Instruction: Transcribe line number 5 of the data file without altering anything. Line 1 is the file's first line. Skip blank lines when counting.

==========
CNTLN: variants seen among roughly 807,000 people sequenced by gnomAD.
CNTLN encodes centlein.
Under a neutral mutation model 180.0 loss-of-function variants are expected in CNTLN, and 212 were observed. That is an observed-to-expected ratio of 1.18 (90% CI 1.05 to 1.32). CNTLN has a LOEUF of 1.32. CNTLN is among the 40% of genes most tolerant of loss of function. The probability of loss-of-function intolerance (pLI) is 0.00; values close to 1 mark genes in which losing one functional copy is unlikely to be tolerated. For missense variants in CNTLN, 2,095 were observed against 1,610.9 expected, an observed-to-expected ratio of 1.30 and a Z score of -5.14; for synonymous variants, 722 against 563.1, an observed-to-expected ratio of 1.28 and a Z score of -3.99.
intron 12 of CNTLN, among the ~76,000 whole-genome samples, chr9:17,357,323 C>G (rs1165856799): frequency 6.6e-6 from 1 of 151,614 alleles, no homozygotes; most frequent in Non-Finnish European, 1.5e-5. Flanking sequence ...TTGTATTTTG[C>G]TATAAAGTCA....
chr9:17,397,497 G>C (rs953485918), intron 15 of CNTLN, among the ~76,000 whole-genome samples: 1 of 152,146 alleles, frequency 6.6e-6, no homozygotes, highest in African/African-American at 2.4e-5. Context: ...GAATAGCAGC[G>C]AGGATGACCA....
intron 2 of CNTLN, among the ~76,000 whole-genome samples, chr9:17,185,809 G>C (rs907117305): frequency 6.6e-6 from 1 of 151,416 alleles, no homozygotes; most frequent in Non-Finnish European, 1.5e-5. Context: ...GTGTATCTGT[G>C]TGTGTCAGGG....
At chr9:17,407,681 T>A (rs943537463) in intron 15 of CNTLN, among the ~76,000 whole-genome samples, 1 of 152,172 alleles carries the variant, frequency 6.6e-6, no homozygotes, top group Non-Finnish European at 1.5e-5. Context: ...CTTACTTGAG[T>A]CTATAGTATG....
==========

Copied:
chr9:17,397,497 G>C (rs953485918), intron 15 of CNTLN, among the ~76,000 whole-genome samples: 1 of 152,146 alleles, frequency 6.6e-6, no homozygotes, highest in African/African-American at 2.4e-5. Context: ...GAATAGCAGC[G>C]AGGATGACCA....